"Everything I know about postmodernism I learned from the Phillies" (excerpt)

With the waning tide of bicenteniallism behind them, 1978 would see the birth of the most famous postmodern non sequitur of all time:

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Look at him waving just like he knows it.  When people forget about how awesome, specially, and charmingly messed up the late 70s and 80s were, it’s because they forget the cultural crucibles that conjured things like this.  What is he?  Who knows? Who cares?  How does he intrinsically relate to baseball or to the Phillies? He doesn’t, and it’s delightful!  Of course he does now. Of course he was a bigger draw at the Vet than those mediocre teams I followed and believed in all those years. When the action on the field crushed, again, our hopes and confirmed our native fears, the Phanatic cut the tension.  He exacted justice for us with his liberating nonsense and his belly bounces.  Every jiggle, every move, every elbow dropped on a Met in effigy said “Our team really sucks.  What are any of us doing here?  And yet here we are, and where we want to be.” 

— Christopher Cocca, “Everything I know about postmodernism I learned from the Phillies,” Hobart (June 21, 201). 

Just imagine it: … Paula Deen standing in front of a big Sunday spread of buttermilk fried chicken, barbecue brisket, collard greens, corn bread, fried okra, pigs’ feet, and sweet potato pie. Let her stand there and explain where all that good food came from and how her mama’s housekeeper used to make the best green bean casserole and see if she can learn how to do it without putting her racist foot in her mouth. Then, when she screws up, make her go back and do it again. That would be a punishment that fits the crime…. It would make our National Conversation About Race a conversation worth having. And it would also make fantastic television.
Tanner Colby, “Paula Deen: She’s America’s racist grandma,” Slate Magazine (June 25, 2013).
Crebrius lege et disce quam plurima. Tenenti codicem somnus obrepat et cadentem faciem pagina sancta suscipiat.
St Jerome, letter to Eustochium (Ep. 22), section 17 (384 CE). Translation: “Read often, learn all that you can. Let sleep overcome you, the roll still in your hands; when your head falls, let it be on the sacred page.”
Practicing yoga brings evil as does reading Harry Potter. They may both seem innocuous but they both deal with magic and that leads to evil… People think [Harry Potter] is an innocuous book for children but it’s about magic and that leads to evil. In Harry Potter the Devil is at work in a cunning and crafty way, he is using his extraordinary powers of magic and evil.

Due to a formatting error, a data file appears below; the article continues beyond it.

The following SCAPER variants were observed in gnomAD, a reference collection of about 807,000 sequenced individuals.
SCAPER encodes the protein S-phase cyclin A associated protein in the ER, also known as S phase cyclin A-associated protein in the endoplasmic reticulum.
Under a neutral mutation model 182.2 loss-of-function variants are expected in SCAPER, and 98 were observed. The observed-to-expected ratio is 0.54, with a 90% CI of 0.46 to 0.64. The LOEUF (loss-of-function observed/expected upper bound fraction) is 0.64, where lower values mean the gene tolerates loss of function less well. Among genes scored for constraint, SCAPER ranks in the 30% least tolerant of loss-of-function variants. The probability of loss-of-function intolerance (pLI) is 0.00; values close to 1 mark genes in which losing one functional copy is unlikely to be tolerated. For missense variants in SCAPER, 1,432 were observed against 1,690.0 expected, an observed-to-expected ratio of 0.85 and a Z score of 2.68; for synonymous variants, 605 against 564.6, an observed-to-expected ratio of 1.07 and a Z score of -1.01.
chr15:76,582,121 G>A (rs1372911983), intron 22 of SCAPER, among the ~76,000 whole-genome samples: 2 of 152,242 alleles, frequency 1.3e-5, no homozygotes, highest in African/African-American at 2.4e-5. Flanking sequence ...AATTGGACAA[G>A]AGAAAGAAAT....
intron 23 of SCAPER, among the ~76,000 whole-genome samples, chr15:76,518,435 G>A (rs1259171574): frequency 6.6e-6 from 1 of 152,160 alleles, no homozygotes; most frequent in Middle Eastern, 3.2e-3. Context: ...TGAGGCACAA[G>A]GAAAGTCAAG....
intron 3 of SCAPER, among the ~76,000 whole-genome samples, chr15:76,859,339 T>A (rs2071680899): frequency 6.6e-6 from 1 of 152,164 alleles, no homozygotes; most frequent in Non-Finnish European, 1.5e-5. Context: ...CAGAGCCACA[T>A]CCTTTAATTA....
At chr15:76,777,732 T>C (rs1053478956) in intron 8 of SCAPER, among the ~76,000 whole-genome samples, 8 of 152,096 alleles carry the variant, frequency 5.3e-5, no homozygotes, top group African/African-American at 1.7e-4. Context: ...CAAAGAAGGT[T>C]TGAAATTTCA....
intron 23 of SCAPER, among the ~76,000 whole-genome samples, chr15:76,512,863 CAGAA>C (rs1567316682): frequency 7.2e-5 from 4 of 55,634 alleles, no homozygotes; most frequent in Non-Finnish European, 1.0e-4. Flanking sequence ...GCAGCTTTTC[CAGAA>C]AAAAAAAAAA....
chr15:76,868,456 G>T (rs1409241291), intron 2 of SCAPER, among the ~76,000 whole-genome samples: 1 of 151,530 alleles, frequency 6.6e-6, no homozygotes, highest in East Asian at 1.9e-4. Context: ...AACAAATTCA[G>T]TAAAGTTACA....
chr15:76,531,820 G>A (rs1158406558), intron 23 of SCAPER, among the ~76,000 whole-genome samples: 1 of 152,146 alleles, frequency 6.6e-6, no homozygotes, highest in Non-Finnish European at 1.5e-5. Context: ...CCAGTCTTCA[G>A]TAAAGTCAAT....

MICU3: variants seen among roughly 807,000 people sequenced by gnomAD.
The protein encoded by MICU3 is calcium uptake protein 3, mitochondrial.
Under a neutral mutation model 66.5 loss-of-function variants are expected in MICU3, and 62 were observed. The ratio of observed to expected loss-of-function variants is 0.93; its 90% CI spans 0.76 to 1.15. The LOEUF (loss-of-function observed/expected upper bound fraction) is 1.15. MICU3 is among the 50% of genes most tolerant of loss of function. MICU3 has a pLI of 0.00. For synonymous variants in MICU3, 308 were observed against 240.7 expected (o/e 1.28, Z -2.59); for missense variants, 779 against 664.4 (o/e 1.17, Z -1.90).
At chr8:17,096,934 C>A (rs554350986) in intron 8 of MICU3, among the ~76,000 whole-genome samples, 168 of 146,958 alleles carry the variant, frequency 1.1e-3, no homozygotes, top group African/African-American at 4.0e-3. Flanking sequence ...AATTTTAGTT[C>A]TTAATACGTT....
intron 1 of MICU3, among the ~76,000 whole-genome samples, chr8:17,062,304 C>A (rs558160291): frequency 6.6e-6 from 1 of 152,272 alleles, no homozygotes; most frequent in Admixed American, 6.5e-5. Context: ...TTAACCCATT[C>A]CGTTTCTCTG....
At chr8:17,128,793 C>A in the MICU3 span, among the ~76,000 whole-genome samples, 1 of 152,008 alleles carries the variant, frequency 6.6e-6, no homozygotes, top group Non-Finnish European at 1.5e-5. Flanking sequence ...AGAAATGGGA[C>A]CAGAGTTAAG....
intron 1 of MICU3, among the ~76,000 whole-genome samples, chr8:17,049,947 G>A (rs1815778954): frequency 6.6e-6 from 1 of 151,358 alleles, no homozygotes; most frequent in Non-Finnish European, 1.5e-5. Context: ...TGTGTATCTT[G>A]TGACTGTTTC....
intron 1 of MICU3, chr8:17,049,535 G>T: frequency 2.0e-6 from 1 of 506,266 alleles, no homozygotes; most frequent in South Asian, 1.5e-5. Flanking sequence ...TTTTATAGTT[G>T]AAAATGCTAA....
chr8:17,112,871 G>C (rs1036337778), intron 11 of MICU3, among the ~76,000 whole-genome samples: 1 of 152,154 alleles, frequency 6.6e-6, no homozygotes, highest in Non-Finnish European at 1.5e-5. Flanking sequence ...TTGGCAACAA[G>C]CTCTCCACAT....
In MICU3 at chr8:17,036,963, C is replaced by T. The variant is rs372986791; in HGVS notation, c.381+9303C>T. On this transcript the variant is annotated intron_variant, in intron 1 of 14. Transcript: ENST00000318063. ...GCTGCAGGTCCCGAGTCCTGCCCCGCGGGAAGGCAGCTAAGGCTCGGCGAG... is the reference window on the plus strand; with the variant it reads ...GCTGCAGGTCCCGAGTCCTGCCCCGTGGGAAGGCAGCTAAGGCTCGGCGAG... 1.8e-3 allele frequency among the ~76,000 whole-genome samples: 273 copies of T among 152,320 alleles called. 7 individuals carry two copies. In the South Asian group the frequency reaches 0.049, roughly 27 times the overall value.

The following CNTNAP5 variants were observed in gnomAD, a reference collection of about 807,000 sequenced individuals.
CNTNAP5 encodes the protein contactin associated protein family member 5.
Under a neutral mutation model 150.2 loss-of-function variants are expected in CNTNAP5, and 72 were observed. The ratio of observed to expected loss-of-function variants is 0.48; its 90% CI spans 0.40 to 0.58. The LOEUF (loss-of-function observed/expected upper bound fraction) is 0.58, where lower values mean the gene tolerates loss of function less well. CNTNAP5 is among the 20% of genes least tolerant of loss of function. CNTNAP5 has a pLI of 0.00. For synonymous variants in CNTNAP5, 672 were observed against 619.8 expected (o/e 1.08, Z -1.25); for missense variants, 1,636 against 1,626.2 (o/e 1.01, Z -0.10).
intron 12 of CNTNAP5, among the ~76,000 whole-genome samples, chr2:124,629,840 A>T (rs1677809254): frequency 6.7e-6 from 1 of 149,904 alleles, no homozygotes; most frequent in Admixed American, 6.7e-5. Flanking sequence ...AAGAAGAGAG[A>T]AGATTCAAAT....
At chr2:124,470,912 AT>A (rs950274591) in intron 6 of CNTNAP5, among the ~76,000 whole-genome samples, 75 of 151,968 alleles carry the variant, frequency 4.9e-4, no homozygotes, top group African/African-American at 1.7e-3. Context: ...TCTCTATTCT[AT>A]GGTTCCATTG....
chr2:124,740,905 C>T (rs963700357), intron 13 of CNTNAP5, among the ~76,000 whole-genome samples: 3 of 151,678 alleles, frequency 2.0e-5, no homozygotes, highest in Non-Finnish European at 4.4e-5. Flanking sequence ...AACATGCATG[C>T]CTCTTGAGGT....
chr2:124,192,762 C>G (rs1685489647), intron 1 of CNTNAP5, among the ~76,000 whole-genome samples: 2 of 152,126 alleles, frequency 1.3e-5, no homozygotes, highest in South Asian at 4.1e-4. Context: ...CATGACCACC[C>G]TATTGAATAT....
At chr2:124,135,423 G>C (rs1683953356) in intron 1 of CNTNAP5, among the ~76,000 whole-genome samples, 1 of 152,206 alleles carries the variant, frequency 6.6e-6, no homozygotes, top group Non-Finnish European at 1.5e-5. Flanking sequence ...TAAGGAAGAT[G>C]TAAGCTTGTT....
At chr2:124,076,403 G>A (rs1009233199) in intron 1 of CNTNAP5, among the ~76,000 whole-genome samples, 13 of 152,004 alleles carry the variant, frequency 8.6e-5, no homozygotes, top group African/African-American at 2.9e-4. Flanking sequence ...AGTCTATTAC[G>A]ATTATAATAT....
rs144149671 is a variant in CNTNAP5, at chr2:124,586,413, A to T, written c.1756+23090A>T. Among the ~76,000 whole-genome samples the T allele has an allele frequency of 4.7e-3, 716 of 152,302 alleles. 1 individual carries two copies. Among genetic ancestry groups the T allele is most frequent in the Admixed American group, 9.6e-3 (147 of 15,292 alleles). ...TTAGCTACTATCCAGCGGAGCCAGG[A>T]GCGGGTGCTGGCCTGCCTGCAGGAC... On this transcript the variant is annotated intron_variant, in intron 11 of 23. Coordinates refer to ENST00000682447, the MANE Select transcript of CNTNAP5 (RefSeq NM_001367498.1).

Father Gabriele Amorth, speaking with The Sunday Times, quoted in the Christian Post. Source: Leonardo Blair, “Catholic Church’s Top Exorcist Claims He Rid World of 160,000 Demons,” christianpost.com (May 28, 2013).
I see it all raving before me the endless yakking kitchen mouthings of life, the long dark grave of tomby talks under midnight kitchen bulbs.
Jack Kerouac, Big Sur (New York, 1962, rpt. Penguin, 1962), p. 152.

Hopelessness means that we no longer have the spirit for holding our trip together. We may still want to hold our trip together. We long to have some reliable, comfortable ground under our feet, but we’ve tried a thousand ways to hide and a thousand ways to tie up all the loose ends, and the ground just keeps moving under us. Trying to get lasting security reaches us a lot, because if we never try to do it, we never notice that it can’t be done. Turning our minds toward the dharma speeds up the process of discovery. At every turn we realize once again that it’s completely hopeless — we can’t get any ground under our feet.

The difference between theism and nontheism is not whether one does or does not believe in God. It is an issue that applies to everyone, including both Buddhists and non-Buddhists. Theism is a deep-seated conviction that there’s some hand to hold: if we just do the right things, someone will appreciate us and take care of us. It means thinking there’s always going to be a babysitter available when we need one. We all are inclined to abdicate our responsibilities and delegate our authority to something outside ourselves. Nontheism is relaxing with the ambiguity and uncertainty of the present moment without reaching for anything to protect ourselves. We sometimes think that dharma is something outside of ourselves — something to believe in, something to measure up to. However, dharma isn’t a belief; it isn’t dogma. It is total appreciation of impermanence and change. The teachings disintegrate when we try to grasp them. We have to experience them without hope. Many brave and compassionate people have experienced them and taught them. The message is fearless; dharma was never meant to be a belief that we blindly follow. Dharma gives us nothing to hold on to at all.